Letter: Time for Government to confirm or deny 1943 German raid on the Isle of Wight

Brian Dennis believes it’s time the British Government confirm or deny reports that 12 specialised German stormtroopers tried to come ashore on the Isle of Wight in 1943 until they were spotted by British soldiers

cover of adrian searles book - airbrushed from history

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This from former Islander, Brian Dennis ahead of next week’s VE Day celebrations. Ed

Anniversaries are the opportune time to remember our history and perhaps re-write, confirm or deny stories which persist from our past.

Island author Adrian Searle wrote book a few years back (Churchill’s Last Wartime Secret: The 1943 German Raid Airbrushed from History) based on an account by a German soldier, Dr Dietrich Andernacht, who said he was in a secret operation to steal equipment from the RAF St Lawrence radar station on 15th August, 1943.

Twelve specialised stormtroopers tried to come ashore in dinghies until they were spotted and engaged by regular British soldiers.

Episode ‘hushed up’
As well as providing a time and place and a named witness, Adrian, who I knew as a stickler for research and facts, quoted an Islander who said he was one of those who had to sign the Official Secrets Act, but the episode has been hushed up since to preserve the boast no German soldier set foot on British soil (Channel Islands the exception).

Time to confirm or deny
Surely 77 years later and on this anniversary, someone in today’s Government could issue a one-and-for-all denial or confirmation of this raid.

Or perhaps Isle of Wight Conservative MP, Bob Seely, could ask the question in the House of Commons?

Image: © Adrian Searle

Friday, 1st May, 2020 11:09am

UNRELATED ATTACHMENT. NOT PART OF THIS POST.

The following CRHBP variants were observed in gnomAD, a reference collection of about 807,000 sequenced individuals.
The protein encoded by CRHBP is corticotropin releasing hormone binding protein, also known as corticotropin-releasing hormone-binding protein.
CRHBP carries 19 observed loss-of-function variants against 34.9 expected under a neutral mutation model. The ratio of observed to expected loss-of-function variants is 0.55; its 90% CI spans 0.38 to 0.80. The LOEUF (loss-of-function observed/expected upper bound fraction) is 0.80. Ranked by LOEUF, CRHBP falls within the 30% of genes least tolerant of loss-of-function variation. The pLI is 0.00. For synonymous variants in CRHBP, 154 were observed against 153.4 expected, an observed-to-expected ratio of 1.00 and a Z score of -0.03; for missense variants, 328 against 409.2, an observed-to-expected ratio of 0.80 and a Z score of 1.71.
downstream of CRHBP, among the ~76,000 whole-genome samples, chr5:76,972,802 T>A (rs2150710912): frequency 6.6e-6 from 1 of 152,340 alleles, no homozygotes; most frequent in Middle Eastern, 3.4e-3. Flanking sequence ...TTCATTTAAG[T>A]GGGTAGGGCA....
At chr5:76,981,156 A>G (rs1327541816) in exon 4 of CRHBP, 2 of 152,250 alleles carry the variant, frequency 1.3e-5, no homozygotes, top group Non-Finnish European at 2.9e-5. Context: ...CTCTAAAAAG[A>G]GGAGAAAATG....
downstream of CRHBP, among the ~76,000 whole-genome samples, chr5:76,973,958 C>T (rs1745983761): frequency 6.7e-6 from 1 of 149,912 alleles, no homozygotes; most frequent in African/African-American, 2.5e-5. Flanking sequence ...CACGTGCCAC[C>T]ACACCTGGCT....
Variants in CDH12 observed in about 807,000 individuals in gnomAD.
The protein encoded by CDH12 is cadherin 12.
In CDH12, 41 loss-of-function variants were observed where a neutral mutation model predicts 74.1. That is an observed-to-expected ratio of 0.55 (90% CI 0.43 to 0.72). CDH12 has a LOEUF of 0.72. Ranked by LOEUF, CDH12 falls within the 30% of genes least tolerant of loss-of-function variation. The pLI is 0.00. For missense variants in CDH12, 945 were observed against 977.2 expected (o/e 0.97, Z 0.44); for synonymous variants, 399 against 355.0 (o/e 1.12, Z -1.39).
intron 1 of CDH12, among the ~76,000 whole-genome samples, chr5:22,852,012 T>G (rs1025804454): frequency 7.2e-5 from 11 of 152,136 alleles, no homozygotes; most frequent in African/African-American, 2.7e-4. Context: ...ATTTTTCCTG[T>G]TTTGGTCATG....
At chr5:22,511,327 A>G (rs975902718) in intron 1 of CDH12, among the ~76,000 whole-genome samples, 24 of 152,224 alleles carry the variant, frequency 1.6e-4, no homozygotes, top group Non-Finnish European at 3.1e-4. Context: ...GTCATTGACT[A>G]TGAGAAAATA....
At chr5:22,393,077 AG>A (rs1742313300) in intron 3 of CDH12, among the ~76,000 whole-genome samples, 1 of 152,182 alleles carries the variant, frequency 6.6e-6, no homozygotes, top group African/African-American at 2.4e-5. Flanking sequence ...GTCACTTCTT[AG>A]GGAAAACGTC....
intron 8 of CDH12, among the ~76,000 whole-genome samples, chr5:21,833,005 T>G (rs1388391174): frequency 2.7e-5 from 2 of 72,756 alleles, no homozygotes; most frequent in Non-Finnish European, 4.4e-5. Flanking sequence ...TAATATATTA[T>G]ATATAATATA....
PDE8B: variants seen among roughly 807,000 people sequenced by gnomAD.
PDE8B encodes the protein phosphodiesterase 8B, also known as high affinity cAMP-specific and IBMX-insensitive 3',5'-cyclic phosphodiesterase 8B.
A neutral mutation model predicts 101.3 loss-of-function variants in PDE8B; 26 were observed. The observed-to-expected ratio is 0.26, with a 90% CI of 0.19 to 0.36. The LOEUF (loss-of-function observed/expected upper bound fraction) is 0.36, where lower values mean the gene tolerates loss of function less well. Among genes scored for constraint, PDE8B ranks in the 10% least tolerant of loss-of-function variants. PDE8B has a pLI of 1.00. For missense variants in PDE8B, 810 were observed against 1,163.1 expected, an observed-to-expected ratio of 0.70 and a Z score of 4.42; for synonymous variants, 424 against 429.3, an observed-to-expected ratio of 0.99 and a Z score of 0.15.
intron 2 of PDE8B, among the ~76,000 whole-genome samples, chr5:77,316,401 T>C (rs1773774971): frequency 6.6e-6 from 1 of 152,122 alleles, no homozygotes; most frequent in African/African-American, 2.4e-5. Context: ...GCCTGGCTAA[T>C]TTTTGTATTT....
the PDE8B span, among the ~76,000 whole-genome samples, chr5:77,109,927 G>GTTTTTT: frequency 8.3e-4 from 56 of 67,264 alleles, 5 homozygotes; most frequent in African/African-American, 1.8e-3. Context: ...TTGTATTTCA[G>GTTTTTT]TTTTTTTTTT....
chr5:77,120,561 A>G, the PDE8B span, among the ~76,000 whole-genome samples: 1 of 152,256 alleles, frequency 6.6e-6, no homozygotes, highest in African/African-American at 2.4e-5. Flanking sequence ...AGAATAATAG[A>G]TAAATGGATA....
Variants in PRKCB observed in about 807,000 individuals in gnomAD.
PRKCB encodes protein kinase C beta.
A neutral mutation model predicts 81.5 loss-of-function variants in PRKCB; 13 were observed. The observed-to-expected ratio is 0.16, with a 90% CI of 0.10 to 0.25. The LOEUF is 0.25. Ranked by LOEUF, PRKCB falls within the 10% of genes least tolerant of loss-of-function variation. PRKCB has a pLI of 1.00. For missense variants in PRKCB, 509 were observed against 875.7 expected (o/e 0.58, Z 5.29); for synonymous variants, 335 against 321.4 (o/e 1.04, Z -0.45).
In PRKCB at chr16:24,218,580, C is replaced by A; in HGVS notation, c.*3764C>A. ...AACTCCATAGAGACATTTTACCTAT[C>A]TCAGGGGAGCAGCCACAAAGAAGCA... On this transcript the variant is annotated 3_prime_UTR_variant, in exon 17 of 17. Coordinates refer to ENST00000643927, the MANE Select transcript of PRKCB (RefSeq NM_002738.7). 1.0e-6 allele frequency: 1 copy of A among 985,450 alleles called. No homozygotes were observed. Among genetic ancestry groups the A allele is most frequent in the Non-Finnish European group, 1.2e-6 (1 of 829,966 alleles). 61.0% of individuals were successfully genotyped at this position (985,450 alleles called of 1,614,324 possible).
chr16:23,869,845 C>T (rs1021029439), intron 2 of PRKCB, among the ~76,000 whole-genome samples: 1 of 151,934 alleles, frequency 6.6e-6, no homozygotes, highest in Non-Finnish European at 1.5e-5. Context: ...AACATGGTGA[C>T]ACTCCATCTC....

ShortURL: http://wig.ht/2nDs

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10 Comments on "Letter: Time for Government to confirm or deny 1943 German raid on the Isle of Wight"

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A plausible tale which merits verification one way or the other.

Mark L Francis

Whilst I tend to think of these things a tall tale, I remember collecting rifle cartridges from around the Knowle Farm/ St Catherine’s area but my mother made me throw them away as she did not like War etc. My dad said the military used to train thee, but they didn’t. I wish I had kept one.


I rather think the government (and the MP) have more more important stuff to deal with right now!

Mr Magoo
Fair point Wellsm but there must be windows in Governments’ business to find time to answer a relatively simple question after 77 years. Even in the fog of war truth is important although at the time it was expedient to deny this. Can I just say my request is a marker in the sand for when someone somewhere in Whitehall has the time to answer. The VE… Read more »
Geoff Brodie

Former islander and former editor of the CP

Sally Perry

Correct, I didn’t feel it was necessary to point out.

Perhaps it might be time to enlist the services of a metal detecting club to search the radar site area for spent cartridge cases, because if there was a fire fight as Adrian Searle alleges, then there should be some evidence by way of German spent ammunition. Additionally, the supposed landing site at Woody Bay could be searched as well. Personally I am doubtful that such a… Read more »
I lived in St Lawrence in 1943. My Aunt was the District Nurse for ST Lawrence, Niton and Whitwell and obviously travelled extensively in the area. As far as I can remember nothing was ever said about any raid by anyone in the area. I’m sure the odd word would have got out! I was also in the choir at St Lawrence church and in the Scout… Read more »

Perhaps it was hushed up so as not to cause alarm to this then very small, isolated and vulnerable community.

Intresting this,I’ve lived here for 25 years and never heard of it. 12 well trained blokes,two Sargeants,senior in charge,two Corporals,8 troopers. In by U-boat on a moonless night,2 nights to get to the radar station;get the kit,nick a truck,back to the beach and on the beer in Bolougne by morning-what could go wrong? Seriously tho’,what would the Germans want from the radar station,this stuff was pretty much… Read more »